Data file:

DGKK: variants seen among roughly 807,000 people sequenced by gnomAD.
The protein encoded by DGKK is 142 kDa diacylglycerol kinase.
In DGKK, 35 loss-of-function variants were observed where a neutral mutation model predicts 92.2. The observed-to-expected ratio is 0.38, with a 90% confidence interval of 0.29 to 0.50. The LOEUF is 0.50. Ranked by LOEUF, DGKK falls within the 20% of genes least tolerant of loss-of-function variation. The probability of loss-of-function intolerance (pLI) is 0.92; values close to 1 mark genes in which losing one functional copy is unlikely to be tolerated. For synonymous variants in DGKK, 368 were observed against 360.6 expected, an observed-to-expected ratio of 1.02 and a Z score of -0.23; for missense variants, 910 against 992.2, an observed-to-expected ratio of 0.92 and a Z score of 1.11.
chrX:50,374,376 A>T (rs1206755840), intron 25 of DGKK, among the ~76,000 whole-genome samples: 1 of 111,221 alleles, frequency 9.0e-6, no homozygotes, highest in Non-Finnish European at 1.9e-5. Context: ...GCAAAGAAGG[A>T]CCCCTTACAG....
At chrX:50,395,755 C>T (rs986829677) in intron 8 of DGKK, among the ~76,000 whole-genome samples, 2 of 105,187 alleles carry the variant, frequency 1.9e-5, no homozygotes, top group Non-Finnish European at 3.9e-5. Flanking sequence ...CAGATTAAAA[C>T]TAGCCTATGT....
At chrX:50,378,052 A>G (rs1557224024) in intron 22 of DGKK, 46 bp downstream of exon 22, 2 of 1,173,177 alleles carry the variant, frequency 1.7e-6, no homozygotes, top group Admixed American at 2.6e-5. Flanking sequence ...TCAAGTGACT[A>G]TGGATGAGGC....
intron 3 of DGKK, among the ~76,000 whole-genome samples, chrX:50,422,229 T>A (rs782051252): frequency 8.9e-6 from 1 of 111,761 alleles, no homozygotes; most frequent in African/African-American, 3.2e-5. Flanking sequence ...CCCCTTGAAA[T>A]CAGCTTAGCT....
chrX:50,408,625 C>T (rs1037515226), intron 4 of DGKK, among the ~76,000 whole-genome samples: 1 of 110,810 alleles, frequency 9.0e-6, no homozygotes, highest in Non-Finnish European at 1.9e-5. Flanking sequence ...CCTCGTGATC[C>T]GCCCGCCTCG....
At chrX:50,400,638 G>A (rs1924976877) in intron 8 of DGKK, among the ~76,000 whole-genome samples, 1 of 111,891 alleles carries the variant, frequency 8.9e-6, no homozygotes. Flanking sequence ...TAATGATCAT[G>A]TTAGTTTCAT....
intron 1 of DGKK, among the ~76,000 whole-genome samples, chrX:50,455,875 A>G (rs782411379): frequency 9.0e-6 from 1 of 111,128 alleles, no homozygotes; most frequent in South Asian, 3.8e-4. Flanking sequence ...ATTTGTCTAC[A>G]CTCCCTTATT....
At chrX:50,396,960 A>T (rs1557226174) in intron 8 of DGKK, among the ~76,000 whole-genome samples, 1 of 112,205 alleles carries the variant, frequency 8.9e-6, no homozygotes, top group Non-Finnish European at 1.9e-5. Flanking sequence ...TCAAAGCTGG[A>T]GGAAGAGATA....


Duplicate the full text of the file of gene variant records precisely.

DGKK: variants seen among roughly 807,000 people sequenced by gnomAD.
The protein encoded by DGKK is 142 kDa diacylglycerol kinase.
In DGKK, 35 loss-of-function variants were observed where a neutral mutation model predicts 92.2. The observed-to-expected ratio is 0.38, with a 90% confidence interval of 0.29 to 0.50. The LOEUF is 0.50. Ranked by LOEUF, DGKK falls within the 20% of genes least tolerant of loss-of-function variation. The probability of loss-of-function intolerance (pLI) is 0.92; values close to 1 mark genes in which losing one functional copy is unlikely to be tolerated. For synonymous variants in DGKK, 368 were observed against 360.6 expected, an observed-to-expected ratio of 1.02 and a Z score of -0.23; for missense variants, 910 against 992.2, an observed-to-expected ratio of 0.92 and a Z score of 1.11.
chrX:50,374,376 A>T (rs1206755840), intron 25 of DGKK, among the ~76,000 whole-genome samples: 1 of 111,221 alleles, frequency 9.0e-6, no homozygotes, highest in Non-Finnish European at 1.9e-5. Context: ...GCAAAGAAGG[A>T]CCCCTTACAG....
At chrX:50,395,755 C>T (rs986829677) in intron 8 of DGKK, among the ~76,000 whole-genome samples, 2 of 105,187 alleles carry the variant, frequency 1.9e-5, no homozygotes, top group Non-Finnish European at 3.9e-5. Flanking sequence ...CAGATTAAAA[C>T]TAGCCTATGT....
At chrX:50,378,052 A>G (rs1557224024) in intron 22 of DGKK, 46 bp downstream of exon 22, 2 of 1,173,177 alleles carry the variant, frequency 1.7e-6, no homozygotes, top group Admixed American at 2.6e-5. Flanking sequence ...TCAAGTGACT[A>G]TGGATGAGGC....
intron 3 of DGKK, among the ~76,000 whole-genome samples, chrX:50,422,229 T>A (rs782051252): frequency 8.9e-6 from 1 of 111,761 alleles, no homozygotes; most frequent in African/African-American, 3.2e-5. Flanking sequence ...CCCCTTGAAA[T>A]CAGCTTAGCT....
chrX:50,408,625 C>T (rs1037515226), intron 4 of DGKK, among the ~76,000 whole-genome samples: 1 of 110,810 alleles, frequency 9.0e-6, no homozygotes, highest in Non-Finnish European at 1.9e-5. Flanking sequence ...CCTCGTGATC[C>T]GCCCGCCTCG....
At chrX:50,400,638 G>A (rs1924976877) in intron 8 of DGKK, among the ~76,000 whole-genome samples, 1 of 111,891 alleles carries the variant, frequency 8.9e-6, no homozygotes. Flanking sequence ...TAATGATCAT[G>A]TTAGTTTCAT....
intron 1 of DGKK, among the ~76,000 whole-genome samples, chrX:50,455,875 A>G (rs782411379): frequency 9.0e-6 from 1 of 111,128 alleles, no homozygotes; most frequent in South Asian, 3.8e-4. Flanking sequence ...ATTTGTCTAC[A>G]CTCCCTTATT....
At chrX:50,396,960 A>T (rs1557226174) in intron 8 of DGKK, among the ~76,000 whole-genome samples, 1 of 112,205 alleles carries the variant, frequency 8.9e-6, no homozygotes, top group Non-Finnish European at 1.9e-5. Flanking sequence ...TCAAAGCTGG[A>T]GGAAGAGATA....